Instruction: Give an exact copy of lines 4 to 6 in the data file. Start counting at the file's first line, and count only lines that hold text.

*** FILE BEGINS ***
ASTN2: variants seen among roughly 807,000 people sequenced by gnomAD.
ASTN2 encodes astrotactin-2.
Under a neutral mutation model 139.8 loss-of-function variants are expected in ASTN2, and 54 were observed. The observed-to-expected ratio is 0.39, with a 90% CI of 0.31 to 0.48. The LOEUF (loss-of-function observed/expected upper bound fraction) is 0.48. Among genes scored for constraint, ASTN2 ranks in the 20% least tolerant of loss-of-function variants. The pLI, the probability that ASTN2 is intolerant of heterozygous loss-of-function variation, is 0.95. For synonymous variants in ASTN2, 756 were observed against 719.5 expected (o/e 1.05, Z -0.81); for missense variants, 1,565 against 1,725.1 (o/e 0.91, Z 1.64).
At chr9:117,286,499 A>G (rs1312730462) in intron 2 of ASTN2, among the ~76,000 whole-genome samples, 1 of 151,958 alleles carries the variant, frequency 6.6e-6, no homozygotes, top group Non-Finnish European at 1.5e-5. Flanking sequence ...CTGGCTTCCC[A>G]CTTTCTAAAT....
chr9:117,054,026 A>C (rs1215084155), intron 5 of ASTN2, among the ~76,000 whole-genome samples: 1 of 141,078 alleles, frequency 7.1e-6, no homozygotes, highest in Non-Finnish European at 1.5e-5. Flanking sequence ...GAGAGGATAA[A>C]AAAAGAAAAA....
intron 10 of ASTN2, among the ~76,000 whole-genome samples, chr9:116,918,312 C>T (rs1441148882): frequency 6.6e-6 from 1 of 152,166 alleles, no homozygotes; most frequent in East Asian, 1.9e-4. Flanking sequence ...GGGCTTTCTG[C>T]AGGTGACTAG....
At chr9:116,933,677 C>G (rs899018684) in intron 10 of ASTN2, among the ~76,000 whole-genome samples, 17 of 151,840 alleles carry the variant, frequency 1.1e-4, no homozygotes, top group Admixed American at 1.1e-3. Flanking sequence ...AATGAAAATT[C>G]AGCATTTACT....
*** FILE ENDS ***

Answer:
At chr9:117,286,499 A>G (rs1312730462) in intron 2 of ASTN2, among the ~76,000 whole-genome samples, 1 of 151,958 alleles carries the variant, frequency 6.6e-6, no homozygotes, top group Non-Finnish European at 1.5e-5. Flanking sequence ...CTGGCTTCCC[A>G]CTTTCTAAAT....
chr9:117,054,026 A>C (rs1215084155), intron 5 of ASTN2, among the ~76,000 whole-genome samples: 1 of 141,078 alleles, frequency 7.1e-6, no homozygotes, highest in Non-Finnish European at 1.5e-5. Flanking sequence ...GAGAGGATAA[A>C]AAAAGAAAAA....
intron 10 of ASTN2, among the ~76,000 whole-genome samples, chr9:116,918,312 C>T (rs1441148882): frequency 6.6e-6 from 1 of 152,166 alleles, no homozygotes; most frequent in East Asian, 1.9e-4. Flanking sequence ...GGGCTTTCTG[C>T]AGGTGACTAG....